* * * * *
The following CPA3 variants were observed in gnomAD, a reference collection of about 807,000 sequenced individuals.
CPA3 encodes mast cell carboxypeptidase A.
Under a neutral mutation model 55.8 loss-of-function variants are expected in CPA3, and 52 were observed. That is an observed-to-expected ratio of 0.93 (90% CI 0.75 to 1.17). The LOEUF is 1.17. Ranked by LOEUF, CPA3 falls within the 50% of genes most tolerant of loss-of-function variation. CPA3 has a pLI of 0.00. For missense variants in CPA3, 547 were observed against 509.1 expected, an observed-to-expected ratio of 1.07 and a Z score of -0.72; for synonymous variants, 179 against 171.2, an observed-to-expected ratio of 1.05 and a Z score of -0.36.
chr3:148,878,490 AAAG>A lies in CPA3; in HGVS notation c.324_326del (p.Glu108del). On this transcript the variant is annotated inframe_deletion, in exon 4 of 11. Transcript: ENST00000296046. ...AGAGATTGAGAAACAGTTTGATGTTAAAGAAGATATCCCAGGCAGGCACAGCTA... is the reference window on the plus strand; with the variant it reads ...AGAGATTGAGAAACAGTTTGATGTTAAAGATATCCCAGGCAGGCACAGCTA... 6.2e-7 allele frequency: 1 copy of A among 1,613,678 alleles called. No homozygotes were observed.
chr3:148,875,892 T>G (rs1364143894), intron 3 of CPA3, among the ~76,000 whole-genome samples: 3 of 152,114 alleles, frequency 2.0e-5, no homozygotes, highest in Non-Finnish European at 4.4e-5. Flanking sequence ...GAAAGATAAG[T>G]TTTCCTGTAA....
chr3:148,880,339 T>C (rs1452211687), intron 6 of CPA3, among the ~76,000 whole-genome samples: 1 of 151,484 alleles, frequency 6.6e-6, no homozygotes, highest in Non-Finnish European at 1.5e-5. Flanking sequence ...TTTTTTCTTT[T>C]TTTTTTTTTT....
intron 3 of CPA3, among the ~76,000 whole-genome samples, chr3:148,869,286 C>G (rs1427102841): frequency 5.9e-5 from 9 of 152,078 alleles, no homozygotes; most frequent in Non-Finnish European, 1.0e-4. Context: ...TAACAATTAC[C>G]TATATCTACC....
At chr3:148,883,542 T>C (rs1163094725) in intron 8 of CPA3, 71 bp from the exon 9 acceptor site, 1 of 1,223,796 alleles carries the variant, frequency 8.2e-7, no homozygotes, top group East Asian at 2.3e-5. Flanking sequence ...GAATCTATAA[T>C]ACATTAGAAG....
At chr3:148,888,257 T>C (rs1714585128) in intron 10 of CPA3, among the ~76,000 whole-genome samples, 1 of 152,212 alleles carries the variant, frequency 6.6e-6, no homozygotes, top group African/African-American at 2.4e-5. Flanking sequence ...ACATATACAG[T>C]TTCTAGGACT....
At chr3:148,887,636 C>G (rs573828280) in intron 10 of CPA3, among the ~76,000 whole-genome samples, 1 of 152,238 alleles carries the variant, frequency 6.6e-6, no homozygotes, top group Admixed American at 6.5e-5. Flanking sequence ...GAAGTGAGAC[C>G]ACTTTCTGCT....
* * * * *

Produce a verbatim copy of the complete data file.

The following CPA3 variants were observed in gnomAD, a reference collection of about 807,000 sequenced individuals.
CPA3 encodes mast cell carboxypeptidase A.
Under a neutral mutation model 55.8 loss-of-function variants are expected in CPA3, and 52 were observed. That is an observed-to-expected ratio of 0.93 (90% CI 0.75 to 1.17). The LOEUF is 1.17. Ranked by LOEUF, CPA3 falls within the 50% of genes most tolerant of loss-of-function variation. CPA3 has a pLI of 0.00. For missense variants in CPA3, 547 were observed against 509.1 expected, an observed-to-expected ratio of 1.07 and a Z score of -0.72; for synonymous variants, 179 against 171.2, an observed-to-expected ratio of 1.05 and a Z score of -0.36.
chr3:148,878,490 AAAG>A lies in CPA3; in HGVS notation c.324_326del (p.Glu108del). On this transcript the variant is annotated inframe_deletion, in exon 4 of 11. Transcript: ENST00000296046. ...AGAGATTGAGAAACAGTTTGATGTTAAAGAAGATATCCCAGGCAGGCACAGCTA... is the reference window on the plus strand; with the variant it reads ...AGAGATTGAGAAACAGTTTGATGTTAAAGATATCCCAGGCAGGCACAGCTA... 6.2e-7 allele frequency: 1 copy of A among 1,613,678 alleles called. No homozygotes were observed.
chr3:148,875,892 T>G (rs1364143894), intron 3 of CPA3, among the ~76,000 whole-genome samples: 3 of 152,114 alleles, frequency 2.0e-5, no homozygotes, highest in Non-Finnish European at 4.4e-5. Flanking sequence ...GAAAGATAAG[T>G]TTTCCTGTAA....
chr3:148,880,339 T>C (rs1452211687), intron 6 of CPA3, among the ~76,000 whole-genome samples: 1 of 151,484 alleles, frequency 6.6e-6, no homozygotes, highest in Non-Finnish European at 1.5e-5. Flanking sequence ...TTTTTTCTTT[T>C]TTTTTTTTTT....
intron 3 of CPA3, among the ~76,000 whole-genome samples, chr3:148,869,286 C>G (rs1427102841): frequency 5.9e-5 from 9 of 152,078 alleles, no homozygotes; most frequent in Non-Finnish European, 1.0e-4. Context: ...TAACAATTAC[C>G]TATATCTACC....
At chr3:148,883,542 T>C (rs1163094725) in intron 8 of CPA3, 71 bp from the exon 9 acceptor site, 1 of 1,223,796 alleles carries the variant, frequency 8.2e-7, no homozygotes, top group East Asian at 2.3e-5. Flanking sequence ...GAATCTATAA[T>C]ACATTAGAAG....
At chr3:148,888,257 T>C (rs1714585128) in intron 10 of CPA3, among the ~76,000 whole-genome samples, 1 of 152,212 alleles carries the variant, frequency 6.6e-6, no homozygotes, top group African/African-American at 2.4e-5. Flanking sequence ...ACATATACAG[T>C]TTCTAGGACT....
At chr3:148,887,636 C>G (rs573828280) in intron 10 of CPA3, among the ~76,000 whole-genome samples, 1 of 152,238 alleles carries the variant, frequency 6.6e-6, no homozygotes, top group Admixed American at 6.5e-5. Flanking sequence ...GAAGTGAGAC[C>G]ACTTTCTGCT....